ATLANTA -- Tom Brady Sr. shared stories on ESPN's "Get Up!" program Tuesday morning of his son's competitiveness as a youngster.
"I don't think my dad remembers as well as I do," Brady said with a smile. "I definitely broke some remote controls when I was a kid. I was a very poor sport. I just remember losing and taking the remote and slamming it down over and over.
"If my kids did that today, I don't know what the heck I would do. But I wouldn't be happy."
There were more than remote controls thrown in the Brady household.
"I remember punching a hole in the wall of our house. It was for a different reason," Brady said. "That's a very personal story. I'm not going to [share why]."
And then there were the golf clubs when things didn't go well on the course.
"We bet car washes and I would have to wash his car if I lost to him," Brady said. "And I lost to him all the time. I probably still owe him some car washes.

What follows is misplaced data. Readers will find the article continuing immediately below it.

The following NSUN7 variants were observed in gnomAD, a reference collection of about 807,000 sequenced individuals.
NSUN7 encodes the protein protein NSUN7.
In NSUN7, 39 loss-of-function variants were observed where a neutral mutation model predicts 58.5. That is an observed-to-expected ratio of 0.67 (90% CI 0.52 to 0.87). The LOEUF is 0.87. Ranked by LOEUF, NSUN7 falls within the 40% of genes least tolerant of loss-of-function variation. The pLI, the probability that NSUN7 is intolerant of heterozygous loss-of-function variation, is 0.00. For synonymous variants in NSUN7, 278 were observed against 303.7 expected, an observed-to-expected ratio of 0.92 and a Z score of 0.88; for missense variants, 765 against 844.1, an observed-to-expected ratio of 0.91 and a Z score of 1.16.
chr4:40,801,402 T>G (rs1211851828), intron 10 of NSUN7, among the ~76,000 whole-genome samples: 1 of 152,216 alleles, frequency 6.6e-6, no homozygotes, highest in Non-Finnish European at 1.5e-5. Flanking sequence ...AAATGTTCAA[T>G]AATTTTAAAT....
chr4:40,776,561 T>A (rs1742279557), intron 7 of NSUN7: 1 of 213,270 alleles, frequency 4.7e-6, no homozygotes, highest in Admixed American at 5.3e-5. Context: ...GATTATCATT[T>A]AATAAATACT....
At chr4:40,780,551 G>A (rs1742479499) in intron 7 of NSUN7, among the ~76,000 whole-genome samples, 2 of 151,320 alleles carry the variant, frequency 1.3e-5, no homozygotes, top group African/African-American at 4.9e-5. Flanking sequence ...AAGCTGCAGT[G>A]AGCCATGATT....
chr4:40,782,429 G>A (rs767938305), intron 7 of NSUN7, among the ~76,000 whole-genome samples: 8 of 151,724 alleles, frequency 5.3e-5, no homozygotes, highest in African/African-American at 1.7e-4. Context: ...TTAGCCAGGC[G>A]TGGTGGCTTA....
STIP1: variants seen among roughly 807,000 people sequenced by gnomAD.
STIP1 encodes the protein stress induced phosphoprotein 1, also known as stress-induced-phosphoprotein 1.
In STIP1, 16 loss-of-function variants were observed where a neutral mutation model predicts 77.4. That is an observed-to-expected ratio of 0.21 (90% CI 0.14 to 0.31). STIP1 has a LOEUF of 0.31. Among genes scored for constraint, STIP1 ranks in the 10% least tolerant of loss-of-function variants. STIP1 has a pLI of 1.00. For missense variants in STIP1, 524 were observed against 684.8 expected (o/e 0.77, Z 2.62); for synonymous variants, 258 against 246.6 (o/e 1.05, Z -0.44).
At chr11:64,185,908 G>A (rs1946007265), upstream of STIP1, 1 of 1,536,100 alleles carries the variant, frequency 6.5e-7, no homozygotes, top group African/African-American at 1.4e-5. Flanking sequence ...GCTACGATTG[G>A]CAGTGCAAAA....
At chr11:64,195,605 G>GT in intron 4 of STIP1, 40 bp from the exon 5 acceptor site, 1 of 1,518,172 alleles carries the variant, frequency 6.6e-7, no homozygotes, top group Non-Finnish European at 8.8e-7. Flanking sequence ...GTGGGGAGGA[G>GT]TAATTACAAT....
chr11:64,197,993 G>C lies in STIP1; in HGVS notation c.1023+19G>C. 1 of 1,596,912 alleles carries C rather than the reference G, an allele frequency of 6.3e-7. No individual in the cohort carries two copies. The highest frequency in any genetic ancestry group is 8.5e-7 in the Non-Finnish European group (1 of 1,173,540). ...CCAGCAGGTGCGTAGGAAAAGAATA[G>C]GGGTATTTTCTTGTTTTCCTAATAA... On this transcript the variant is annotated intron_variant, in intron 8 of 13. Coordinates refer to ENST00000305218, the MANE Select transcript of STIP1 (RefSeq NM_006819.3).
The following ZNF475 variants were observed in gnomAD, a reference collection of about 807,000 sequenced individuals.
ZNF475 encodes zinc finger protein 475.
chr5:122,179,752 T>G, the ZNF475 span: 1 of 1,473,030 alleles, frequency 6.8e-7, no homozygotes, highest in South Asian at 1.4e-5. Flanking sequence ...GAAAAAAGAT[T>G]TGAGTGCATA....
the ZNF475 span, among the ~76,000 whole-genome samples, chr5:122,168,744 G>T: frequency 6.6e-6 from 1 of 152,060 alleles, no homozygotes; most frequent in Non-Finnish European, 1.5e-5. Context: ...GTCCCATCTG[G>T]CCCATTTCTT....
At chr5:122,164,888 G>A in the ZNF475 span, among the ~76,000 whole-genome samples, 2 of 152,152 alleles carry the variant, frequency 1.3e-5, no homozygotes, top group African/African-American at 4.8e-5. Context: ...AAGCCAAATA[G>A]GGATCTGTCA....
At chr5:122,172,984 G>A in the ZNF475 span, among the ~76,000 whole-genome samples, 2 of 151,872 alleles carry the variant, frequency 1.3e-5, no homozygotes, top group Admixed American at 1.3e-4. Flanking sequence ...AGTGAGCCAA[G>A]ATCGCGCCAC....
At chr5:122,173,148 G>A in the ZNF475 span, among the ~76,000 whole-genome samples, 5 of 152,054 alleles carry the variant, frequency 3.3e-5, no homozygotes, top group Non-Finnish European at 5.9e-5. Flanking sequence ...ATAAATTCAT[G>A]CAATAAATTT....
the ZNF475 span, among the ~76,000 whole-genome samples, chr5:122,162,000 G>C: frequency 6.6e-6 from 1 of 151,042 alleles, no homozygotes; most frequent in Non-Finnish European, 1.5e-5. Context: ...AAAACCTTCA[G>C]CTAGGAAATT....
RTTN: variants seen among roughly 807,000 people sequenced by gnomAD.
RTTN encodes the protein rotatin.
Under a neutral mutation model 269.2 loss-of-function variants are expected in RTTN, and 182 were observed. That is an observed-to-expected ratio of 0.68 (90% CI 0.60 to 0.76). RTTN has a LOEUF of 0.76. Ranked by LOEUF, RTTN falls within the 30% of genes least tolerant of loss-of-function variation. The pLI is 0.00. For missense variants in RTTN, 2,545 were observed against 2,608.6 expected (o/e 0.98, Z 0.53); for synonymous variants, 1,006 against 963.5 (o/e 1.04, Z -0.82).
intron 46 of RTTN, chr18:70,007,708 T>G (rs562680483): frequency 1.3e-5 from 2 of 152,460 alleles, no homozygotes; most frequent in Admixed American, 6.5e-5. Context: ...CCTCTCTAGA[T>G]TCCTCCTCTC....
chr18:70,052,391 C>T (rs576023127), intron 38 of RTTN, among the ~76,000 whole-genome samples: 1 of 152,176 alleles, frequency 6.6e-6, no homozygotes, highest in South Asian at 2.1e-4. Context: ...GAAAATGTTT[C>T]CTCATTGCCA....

"One day we were going up to see the [San Francisco] Giants play with my Little League baseball team, and we went out and played nine holes before the game started. About the sixth hole, I hit a [bad] shot and I took my club and just started slamming it into the ground. My dad took me off the course, brought me to the car and said, 'If you ever do that again, you're never coming up here! You're never playing!'
"I was crying. I was so sad. I went to the Giants game, and I think that probably hurt my dad to do that as a parent. After the game, he said, 'We'll go back and play again.' I learned a great lesson."
Such stories reflect how competitiveness has long been a part of Brady's life.
"I think some people are born with great height. Some people are born with great size, great speed. And some people are born with other things that are more intangible. I think competitiveness and the ability to compete has been a great attribute for me, and it started when I was young," Brady said.
"It was really part of my whole family. Everyone was the same way, so it was definitely in our family's DNA to compete, and to want to just play to win. I was always encouraged to do that -- 'Let's go for it, let's try to go to camps with other kids that are really talented.' I think that's just a great thing that my parents were able to instill in me to shoot for the stars. You try to do the best you can do.
"I just grew up that way, and I still feel that way now. I think people would think 'You're 41, what are you doing?' I'm still shooting for the stars and doing something I love to do."